The government launched the Floating Rate Savings Bond in July 2020, with an inaugural interest rate of 7.15 per cent. These bonds, which are taxable, currently, offer 7.35 per cent interest rate and are expected to rise to 8.05 per cent later this year.
It is because the interest rate of these bonds are re-set every January and July based on the prevailing rate of the National Saving Certificate (NSC), typically with a spread of 35 basis points (bps) over the NSC rate. As the government has recently increased the interest rates for small savings schemes, including NSC, to 7.70 per cent, it is expected that the rate could touch 8.05 per cent with the addition of 35 bps.
Buying Floating Rate Savings Bonds
The bonds are issued at a face value of Rs. 1,000 and in multiples thereof. The rate as discussed earlier is reset every six months, aligning with the coupon payment date.
These bonds have no maximum investment limit. However, interest earned on the bonds is taxable under the Income-tax Act, 1961, based on the relevant tax status of the bondholders. Tax will be deducted at source on interest payments, although exemptions are available for individuals who provide a declaration of tax exemption along with the necessary supporting documents.
Floating Rate Savings Bonds are not tradable in the secondary market and cannot be used as collateral for loans from banks, financial institutions, or non-banking financial companies.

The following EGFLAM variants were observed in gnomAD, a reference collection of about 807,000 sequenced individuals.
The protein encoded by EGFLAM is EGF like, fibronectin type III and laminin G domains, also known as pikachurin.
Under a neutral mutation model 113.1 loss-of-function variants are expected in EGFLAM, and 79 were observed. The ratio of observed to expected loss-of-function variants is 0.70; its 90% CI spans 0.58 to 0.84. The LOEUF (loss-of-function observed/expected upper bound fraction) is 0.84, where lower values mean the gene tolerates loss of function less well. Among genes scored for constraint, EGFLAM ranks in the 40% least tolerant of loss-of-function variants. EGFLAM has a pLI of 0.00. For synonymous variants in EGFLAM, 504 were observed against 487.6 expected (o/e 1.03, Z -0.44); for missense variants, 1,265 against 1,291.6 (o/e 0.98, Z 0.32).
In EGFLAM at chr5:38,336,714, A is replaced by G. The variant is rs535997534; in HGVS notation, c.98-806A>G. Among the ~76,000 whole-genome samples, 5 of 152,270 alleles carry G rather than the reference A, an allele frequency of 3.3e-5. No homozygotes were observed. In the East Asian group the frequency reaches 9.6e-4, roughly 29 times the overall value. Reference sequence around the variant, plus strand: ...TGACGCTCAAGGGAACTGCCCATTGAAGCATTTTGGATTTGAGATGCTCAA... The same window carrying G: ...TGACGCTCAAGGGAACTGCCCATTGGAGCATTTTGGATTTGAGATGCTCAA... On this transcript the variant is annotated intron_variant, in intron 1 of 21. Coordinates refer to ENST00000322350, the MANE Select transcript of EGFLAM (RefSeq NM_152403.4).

The bonds have a maturity period of seven years, but premature encashment is allowed for investors aged 60 and above, subject to a minimum lock-in period of four to six years, depending on the investor's age. Lock in period for investors aged 60 to 70 is six years from the date of issue.
Investors can lock in at the current rates to shield them from future rate decreases. But if and when rates are revised downwards new investments will be at lower rates.
Future Rate Hikes
The rates for Floating Rate Savings Bonds are linked to NSC, a small savings scheme, which in turn, is linked to government bond yields. The government has consistently aimed to prevent the rates of small savings schemes from falling. In a recent announcement, the Centre revealed a significant increase in the interest rates for the April-June 2023 quarter. Among them, the NSC saw the highest surge, reaching 7.7 percent, a rise of 70 bps. This rate adjustment was in response to the upward trend in government bond yields.
The government last increased the interest rates for small savings schemes in December 2022 and in the previous quarter, breaking a streak of nine consecutive quarters with unchanged rates. However, it is important to recognize that bond yields are influenced by the overall state of the economy and inflation.
Says Sriram Jayaraman, a SEBI-registered Investment adviser and Income tax planner: “Predicting future changes in inflation and interest rate movements is challenging.” Jayaraman suggests that RBI floating rate bonds are a safe investment for people who require an income but senior citizens should first invest in the Senior Citizens Savings Scheme (SCSS), as the limit has been increased to Rs. 30 lakh from Rs. 15 lakh. Once this limit is utilized, additional funds can be invested in RBI floating rate bonds, he says.
“Interest can move lower from here as in the short term we are seeing a decreasing trend in 10 year Gilt yield,” he says.
But despite fluctuations in government bond yields, the historical rates of NSC and other small savings schemes have either remained unchanged or increased since June 2020. This can be attributed to the government's commitment to maintaining attractive rates by adding a spread to prevent rates from declining. If this trend persists, investors can anticipate higher yields from floating rate bonds in the future.